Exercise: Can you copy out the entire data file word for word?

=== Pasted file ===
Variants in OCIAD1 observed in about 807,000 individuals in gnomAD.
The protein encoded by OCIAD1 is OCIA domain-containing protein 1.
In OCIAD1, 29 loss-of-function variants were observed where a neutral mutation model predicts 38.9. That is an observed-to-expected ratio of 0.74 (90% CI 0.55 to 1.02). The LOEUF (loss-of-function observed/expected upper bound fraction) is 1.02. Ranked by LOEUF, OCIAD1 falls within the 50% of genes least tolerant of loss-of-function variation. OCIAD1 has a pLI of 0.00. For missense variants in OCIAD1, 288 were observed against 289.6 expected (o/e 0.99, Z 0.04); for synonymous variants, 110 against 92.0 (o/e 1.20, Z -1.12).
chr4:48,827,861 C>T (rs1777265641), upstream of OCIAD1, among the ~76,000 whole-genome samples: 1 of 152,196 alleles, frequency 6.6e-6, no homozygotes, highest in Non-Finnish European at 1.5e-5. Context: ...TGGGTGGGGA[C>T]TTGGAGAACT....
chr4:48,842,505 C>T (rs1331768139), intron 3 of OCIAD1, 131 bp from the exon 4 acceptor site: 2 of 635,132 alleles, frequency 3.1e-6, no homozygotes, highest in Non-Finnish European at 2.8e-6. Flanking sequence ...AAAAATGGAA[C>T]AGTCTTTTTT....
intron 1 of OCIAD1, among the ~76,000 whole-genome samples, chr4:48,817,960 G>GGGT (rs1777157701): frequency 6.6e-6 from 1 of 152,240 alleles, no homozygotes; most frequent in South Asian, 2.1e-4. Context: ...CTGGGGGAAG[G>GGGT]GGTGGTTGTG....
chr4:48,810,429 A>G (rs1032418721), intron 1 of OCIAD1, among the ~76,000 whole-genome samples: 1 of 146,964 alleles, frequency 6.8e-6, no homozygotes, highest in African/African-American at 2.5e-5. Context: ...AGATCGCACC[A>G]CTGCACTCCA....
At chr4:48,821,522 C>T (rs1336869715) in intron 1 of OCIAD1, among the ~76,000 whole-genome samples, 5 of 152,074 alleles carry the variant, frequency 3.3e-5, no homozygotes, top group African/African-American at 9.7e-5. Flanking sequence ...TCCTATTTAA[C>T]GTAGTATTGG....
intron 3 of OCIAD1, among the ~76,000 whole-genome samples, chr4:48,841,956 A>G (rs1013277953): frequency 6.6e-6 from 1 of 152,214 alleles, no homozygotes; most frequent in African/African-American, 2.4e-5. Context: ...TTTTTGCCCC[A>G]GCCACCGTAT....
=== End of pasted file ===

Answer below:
Variants in OCIAD1 observed in about 807,000 individuals in gnomAD.
The protein encoded by OCIAD1 is OCIA domain-containing protein 1.
In OCIAD1, 29 loss-of-function variants were observed where a neutral mutation model predicts 38.9. That is an observed-to-expected ratio of 0.74 (90% CI 0.55 to 1.02). The LOEUF (loss-of-function observed/expected upper bound fraction) is 1.02. Ranked by LOEUF, OCIAD1 falls within the 50% of genes least tolerant of loss-of-function variation. OCIAD1 has a pLI of 0.00. For missense variants in OCIAD1, 288 were observed against 289.6 expected (o/e 0.99, Z 0.04); for synonymous variants, 110 against 92.0 (o/e 1.20, Z -1.12).
chr4:48,827,861 C>T (rs1777265641), upstream of OCIAD1, among the ~76,000 whole-genome samples: 1 of 152,196 alleles, frequency 6.6e-6, no homozygotes, highest in Non-Finnish European at 1.5e-5. Context: ...TGGGTGGGGA[C>T]TTGGAGAACT....
chr4:48,842,505 C>T (rs1331768139), intron 3 of OCIAD1, 131 bp from the exon 4 acceptor site: 2 of 635,132 alleles, frequency 3.1e-6, no homozygotes, highest in Non-Finnish European at 2.8e-6. Flanking sequence ...AAAAATGGAA[C>T]AGTCTTTTTT....
intron 1 of OCIAD1, among the ~76,000 whole-genome samples, chr4:48,817,960 G>GGGT (rs1777157701): frequency 6.6e-6 from 1 of 152,240 alleles, no homozygotes; most frequent in South Asian, 2.1e-4. Context: ...CTGGGGGAAG[G>GGGT]GGTGGTTGTG....
chr4:48,810,429 A>G (rs1032418721), intron 1 of OCIAD1, among the ~76,000 whole-genome samples: 1 of 146,964 alleles, frequency 6.8e-6, no homozygotes, highest in African/African-American at 2.5e-5. Context: ...AGATCGCACC[A>G]CTGCACTCCA....
At chr4:48,821,522 C>T (rs1336869715) in intron 1 of OCIAD1, among the ~76,000 whole-genome samples, 5 of 152,074 alleles carry the variant, frequency 3.3e-5, no homozygotes, top group African/African-American at 9.7e-5. Flanking sequence ...TCCTATTTAA[C>T]GTAGTATTGG....
intron 3 of OCIAD1, among the ~76,000 whole-genome samples, chr4:48,841,956 A>G (rs1013277953): frequency 6.6e-6 from 1 of 152,214 alleles, no homozygotes; most frequent in African/African-American, 2.4e-5. Context: ...TTTTTGCCCC[A>G]GCCACCGTAT....